Thursday, June 04, 2009

Why does that look so familiar?

During lunch at IKEA today, my colleagues and I were irritated by a group of siblings at the neighbouring table. Before you go all stereotypical and think 'What a non-parent thing to say,' try sitting next to 5 kids, each of whom have a furry, floppy toy duck that emits a high-pitched squeak when squeezed. Each of them. Squeezing. Squeaking. Giggling. Every. Single. Minute.

But it did get me thinking about the toy.

The device that makes the toy duck squeak is placed in the neck. That and the fact it has bulging eyes makes me wonder if the design is based on something rather specific. Pet shops always tell parents to be careful when mixing kittens and puppies with children because children often don't realise these tiny animals aren't toys. Pet strangulation is common.

And then you think about that toy.
A toy that only makes a squeaking sound when squeezed around the neck by tiny hands.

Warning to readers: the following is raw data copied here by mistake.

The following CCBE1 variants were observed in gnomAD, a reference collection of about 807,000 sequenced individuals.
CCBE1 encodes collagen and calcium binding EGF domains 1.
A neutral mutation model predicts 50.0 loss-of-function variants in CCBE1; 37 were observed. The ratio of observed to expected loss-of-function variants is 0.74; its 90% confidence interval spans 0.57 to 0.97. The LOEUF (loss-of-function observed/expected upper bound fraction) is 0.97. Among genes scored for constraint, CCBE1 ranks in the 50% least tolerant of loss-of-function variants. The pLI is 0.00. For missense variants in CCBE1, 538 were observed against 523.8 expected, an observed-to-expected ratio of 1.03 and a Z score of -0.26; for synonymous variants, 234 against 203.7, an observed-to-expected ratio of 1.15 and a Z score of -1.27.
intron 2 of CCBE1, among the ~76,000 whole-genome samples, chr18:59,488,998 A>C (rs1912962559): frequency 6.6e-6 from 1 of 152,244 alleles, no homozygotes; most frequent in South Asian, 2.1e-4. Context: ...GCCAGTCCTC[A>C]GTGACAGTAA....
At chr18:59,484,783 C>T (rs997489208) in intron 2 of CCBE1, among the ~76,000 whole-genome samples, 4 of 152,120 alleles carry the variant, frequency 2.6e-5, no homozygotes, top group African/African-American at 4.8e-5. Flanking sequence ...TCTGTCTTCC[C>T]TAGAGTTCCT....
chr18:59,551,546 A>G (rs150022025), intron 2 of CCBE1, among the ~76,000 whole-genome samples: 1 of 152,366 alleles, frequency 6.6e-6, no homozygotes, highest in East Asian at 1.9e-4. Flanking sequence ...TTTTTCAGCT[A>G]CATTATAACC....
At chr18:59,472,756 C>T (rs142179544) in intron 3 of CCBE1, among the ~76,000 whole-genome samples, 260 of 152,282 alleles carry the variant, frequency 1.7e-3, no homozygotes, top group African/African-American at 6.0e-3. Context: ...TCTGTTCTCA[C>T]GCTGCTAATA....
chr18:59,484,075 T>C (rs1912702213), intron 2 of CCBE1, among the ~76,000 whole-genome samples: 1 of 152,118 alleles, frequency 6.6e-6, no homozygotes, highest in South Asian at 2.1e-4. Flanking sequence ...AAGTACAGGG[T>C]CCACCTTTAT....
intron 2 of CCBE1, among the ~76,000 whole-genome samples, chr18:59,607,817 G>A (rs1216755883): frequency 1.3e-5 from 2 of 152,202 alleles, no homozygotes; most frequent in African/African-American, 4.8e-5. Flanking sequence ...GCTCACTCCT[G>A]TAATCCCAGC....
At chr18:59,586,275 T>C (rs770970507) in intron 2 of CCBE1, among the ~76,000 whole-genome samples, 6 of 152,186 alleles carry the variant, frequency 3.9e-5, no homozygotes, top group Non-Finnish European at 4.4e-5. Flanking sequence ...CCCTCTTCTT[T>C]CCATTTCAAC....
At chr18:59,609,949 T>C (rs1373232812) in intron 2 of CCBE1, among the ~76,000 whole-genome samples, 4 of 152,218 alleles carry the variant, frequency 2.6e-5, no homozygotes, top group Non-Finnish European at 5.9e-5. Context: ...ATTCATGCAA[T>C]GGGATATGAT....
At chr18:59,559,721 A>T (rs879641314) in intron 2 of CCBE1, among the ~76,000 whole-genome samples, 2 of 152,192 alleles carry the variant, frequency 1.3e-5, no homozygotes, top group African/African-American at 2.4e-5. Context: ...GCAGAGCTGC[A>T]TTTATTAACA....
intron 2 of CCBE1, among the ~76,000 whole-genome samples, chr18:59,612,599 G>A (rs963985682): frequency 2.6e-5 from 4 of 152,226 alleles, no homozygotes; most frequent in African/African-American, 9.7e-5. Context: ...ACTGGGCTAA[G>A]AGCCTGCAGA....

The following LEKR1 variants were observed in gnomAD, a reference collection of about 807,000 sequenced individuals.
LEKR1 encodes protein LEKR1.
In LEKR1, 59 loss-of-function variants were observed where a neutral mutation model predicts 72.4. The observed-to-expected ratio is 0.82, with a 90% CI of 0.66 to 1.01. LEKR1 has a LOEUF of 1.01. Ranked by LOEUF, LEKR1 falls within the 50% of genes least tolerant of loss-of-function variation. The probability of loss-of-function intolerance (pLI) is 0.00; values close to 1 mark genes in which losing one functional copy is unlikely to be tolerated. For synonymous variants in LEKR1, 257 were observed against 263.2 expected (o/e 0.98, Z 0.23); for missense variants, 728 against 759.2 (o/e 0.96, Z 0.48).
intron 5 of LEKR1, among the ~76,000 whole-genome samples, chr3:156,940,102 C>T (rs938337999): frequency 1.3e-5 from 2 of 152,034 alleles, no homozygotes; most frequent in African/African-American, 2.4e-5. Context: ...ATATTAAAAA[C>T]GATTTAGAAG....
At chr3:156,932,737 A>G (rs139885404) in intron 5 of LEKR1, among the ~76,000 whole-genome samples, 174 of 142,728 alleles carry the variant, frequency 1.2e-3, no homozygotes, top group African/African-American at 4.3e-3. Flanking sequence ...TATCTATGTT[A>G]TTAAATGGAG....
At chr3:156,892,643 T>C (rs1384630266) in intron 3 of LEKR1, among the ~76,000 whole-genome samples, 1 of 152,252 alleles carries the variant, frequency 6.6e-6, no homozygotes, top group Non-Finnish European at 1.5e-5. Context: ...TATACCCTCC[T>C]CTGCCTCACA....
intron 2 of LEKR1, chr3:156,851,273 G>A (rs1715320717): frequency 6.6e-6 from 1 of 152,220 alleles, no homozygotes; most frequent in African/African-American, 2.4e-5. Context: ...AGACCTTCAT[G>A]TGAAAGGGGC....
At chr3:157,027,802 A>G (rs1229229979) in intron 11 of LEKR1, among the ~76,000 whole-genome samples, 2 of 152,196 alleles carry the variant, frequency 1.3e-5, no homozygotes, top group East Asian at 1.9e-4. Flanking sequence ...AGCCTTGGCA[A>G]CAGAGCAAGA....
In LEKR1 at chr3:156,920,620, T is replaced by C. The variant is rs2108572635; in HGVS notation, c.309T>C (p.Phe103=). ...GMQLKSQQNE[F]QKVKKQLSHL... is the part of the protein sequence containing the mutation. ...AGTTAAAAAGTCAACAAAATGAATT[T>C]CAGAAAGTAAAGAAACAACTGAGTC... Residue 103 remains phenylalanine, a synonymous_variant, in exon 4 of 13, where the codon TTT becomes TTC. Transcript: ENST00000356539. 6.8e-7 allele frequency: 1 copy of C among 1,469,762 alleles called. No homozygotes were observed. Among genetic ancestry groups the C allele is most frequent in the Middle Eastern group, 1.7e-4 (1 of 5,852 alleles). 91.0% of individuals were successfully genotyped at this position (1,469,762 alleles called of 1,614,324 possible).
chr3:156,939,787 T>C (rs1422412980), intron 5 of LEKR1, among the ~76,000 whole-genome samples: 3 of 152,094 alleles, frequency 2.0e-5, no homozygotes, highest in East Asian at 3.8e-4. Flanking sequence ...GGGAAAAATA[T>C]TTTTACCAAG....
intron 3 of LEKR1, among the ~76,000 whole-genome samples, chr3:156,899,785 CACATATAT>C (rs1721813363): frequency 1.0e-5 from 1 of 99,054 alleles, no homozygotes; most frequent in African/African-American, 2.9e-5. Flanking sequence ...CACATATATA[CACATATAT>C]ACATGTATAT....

Makes you wonder: Why is it dolls and action figures always seem to lose their heads before their limbs?


Yue-li said...

My dolls all had their heads intact. It was their hair I burnt - with a hairdryer. Hey, don't judge me. How was I to know Barbie's hair wasn't real hair, but synthetic stuff? Oh the trauma... heh heh...

The Box said...

As a child, I had the most fun with Star Wars toys and would do gun battles with my younger brother. I was always happiest when my brother feigned getting hit, toppling his stormtroopers in dramatic slomo. I took particular delight in walking my figurine up to his and shooting it another time in its head, at which he would dutifully add a death spasm. I'll stop now.